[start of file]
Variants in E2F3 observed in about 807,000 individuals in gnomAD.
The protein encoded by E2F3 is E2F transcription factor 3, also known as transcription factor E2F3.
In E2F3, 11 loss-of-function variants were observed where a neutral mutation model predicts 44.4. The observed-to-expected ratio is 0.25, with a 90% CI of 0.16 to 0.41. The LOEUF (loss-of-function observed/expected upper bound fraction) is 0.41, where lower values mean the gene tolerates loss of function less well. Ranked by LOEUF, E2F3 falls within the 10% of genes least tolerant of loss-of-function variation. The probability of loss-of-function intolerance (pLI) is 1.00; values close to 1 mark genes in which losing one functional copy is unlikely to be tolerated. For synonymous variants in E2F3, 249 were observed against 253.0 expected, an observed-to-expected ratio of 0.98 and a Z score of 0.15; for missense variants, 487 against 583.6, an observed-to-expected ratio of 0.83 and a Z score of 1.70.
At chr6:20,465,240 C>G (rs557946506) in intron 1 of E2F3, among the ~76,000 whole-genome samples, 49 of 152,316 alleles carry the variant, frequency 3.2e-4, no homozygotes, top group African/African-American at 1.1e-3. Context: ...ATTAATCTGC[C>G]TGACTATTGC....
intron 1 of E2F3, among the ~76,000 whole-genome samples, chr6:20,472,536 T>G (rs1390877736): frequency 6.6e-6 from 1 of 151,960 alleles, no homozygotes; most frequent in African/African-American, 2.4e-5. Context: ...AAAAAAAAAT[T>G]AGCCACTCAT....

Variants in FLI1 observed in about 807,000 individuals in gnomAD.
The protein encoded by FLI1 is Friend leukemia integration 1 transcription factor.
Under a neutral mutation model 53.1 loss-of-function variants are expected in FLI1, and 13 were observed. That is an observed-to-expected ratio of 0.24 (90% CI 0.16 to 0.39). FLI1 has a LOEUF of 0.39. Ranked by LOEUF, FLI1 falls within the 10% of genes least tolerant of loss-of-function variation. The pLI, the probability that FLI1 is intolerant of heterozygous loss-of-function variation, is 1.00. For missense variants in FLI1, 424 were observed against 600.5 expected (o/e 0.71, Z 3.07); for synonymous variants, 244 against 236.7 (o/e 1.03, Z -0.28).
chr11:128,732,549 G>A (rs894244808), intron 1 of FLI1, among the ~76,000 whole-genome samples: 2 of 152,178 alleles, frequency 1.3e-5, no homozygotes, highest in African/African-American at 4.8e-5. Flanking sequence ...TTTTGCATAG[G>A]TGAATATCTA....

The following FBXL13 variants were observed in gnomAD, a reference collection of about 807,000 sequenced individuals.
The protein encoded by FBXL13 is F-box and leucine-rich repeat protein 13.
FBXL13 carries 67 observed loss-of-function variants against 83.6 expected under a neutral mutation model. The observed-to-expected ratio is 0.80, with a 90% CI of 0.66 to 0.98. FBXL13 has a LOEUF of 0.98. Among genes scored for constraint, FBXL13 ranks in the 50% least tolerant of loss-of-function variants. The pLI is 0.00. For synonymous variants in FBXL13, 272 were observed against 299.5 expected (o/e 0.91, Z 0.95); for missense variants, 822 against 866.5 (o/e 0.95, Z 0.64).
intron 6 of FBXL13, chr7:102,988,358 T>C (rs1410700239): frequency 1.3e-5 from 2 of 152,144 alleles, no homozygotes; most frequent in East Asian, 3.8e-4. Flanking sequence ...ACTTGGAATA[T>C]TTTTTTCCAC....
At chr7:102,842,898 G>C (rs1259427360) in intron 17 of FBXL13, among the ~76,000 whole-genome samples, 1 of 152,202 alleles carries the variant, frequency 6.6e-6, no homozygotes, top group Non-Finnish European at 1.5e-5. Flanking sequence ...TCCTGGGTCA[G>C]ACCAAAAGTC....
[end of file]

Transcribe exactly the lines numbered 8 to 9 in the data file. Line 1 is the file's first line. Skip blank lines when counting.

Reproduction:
Under a neutral mutation model 53.1 loss-of-function variants are expected in FLI1, and 13 were observed. That is an observed-to-expected ratio of 0.24 (90% CI 0.16 to 0.39). FLI1 has a LOEUF of 0.39. Ranked by LOEUF, FLI1 falls within the 10% of genes least tolerant of loss-of-function variation. The pLI, the probability that FLI1 is intolerant of heterozygous loss-of-function variation, is 1.00. For missense variants in FLI1, 424 were observed against 600.5 expected (o/e 0.71, Z 3.07); for synonymous variants, 244 against 236.7 (o/e 1.03, Z -0.28).
chr11:128,732,549 G>A (rs894244808), intron 1 of FLI1, among the ~76,000 whole-genome samples: 2 of 152,178 alleles, frequency 1.3e-5, no homozygotes, highest in African/African-American at 4.8e-5. Flanking sequence ...TTTTGCATAG[G>A]TGAATATCTA....